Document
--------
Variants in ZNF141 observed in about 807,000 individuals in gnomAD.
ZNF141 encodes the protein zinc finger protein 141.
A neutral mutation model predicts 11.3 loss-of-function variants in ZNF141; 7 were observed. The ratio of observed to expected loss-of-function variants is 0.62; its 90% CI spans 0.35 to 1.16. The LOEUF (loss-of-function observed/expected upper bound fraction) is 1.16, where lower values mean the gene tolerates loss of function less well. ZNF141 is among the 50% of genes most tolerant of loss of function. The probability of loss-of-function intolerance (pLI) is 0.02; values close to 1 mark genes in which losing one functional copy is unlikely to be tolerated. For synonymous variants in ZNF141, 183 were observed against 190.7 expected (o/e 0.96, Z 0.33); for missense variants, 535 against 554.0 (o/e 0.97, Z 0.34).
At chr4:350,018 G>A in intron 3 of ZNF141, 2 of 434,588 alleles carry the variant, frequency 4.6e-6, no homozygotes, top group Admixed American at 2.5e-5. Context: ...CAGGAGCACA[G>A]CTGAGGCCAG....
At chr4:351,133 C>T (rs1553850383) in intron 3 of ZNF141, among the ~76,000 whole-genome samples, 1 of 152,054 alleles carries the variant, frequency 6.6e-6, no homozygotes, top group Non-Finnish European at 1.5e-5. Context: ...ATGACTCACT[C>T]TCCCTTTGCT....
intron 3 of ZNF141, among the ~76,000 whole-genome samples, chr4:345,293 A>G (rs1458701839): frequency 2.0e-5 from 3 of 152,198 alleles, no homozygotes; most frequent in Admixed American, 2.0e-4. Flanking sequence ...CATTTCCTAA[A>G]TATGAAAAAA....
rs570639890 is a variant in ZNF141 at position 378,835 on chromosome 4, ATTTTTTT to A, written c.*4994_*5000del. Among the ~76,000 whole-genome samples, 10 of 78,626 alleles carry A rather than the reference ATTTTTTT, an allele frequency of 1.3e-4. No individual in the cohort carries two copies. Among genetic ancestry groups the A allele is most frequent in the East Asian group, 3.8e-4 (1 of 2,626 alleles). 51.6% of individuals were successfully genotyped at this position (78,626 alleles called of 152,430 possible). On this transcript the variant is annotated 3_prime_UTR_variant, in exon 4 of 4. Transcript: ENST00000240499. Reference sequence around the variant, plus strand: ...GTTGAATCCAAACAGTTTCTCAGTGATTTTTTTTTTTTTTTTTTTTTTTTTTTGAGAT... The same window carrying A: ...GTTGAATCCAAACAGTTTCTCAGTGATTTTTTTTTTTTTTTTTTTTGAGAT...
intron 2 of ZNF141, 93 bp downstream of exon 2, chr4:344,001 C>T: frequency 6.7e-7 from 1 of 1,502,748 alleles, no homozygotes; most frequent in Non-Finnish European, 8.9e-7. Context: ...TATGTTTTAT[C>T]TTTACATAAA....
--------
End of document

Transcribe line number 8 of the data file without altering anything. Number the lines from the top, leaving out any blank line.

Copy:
intron 2 of ZNF141, 93 bp downstream of exon 2, chr4:344,001 C>T: frequency 6.7e-7 from 1 of 1,502,748 alleles, no homozygotes; most frequent in Non-Finnish European, 8.9e-7. Context: ...TATGTTTTAT[C>T]TTTACATAAA....